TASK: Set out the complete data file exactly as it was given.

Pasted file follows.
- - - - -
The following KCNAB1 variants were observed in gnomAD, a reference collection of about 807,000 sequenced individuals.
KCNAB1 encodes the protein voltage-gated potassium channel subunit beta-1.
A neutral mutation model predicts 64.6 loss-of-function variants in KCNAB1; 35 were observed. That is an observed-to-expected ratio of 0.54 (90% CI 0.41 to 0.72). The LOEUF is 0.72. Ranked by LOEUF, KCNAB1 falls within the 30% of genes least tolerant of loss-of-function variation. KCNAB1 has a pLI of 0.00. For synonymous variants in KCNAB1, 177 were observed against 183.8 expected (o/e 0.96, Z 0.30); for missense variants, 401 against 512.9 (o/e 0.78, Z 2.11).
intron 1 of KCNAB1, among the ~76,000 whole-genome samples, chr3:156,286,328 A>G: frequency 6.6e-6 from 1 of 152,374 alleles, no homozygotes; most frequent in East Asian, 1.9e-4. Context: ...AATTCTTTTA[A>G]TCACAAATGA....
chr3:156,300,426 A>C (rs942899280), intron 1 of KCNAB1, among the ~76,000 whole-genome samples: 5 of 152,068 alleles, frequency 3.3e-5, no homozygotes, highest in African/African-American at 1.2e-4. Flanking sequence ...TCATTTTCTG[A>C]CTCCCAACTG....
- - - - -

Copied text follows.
The following KCNAB1 variants were observed in gnomAD, a reference collection of about 807,000 sequenced individuals.
KCNAB1 encodes the protein voltage-gated potassium channel subunit beta-1.
A neutral mutation model predicts 64.6 loss-of-function variants in KCNAB1; 35 were observed. That is an observed-to-expected ratio of 0.54 (90% CI 0.41 to 0.72). The LOEUF is 0.72. Ranked by LOEUF, KCNAB1 falls within the 30% of genes least tolerant of loss-of-function variation. KCNAB1 has a pLI of 0.00. For synonymous variants in KCNAB1, 177 were observed against 183.8 expected (o/e 0.96, Z 0.30); for missense variants, 401 against 512.9 (o/e 0.78, Z 2.11).
intron 1 of KCNAB1, among the ~76,000 whole-genome samples, chr3:156,286,328 A>G: frequency 6.6e-6 from 1 of 152,374 alleles, no homozygotes; most frequent in East Asian, 1.9e-4. Context: ...AATTCTTTTA[A>G]TCACAAATGA....
chr3:156,300,426 A>C (rs942899280), intron 1 of KCNAB1, among the ~76,000 whole-genome samples: 5 of 152,068 alleles, frequency 3.3e-5, no homozygotes, highest in African/African-American at 1.2e-4. Flanking sequence ...TCATTTTCTG[A>C]CTCCCAACTG....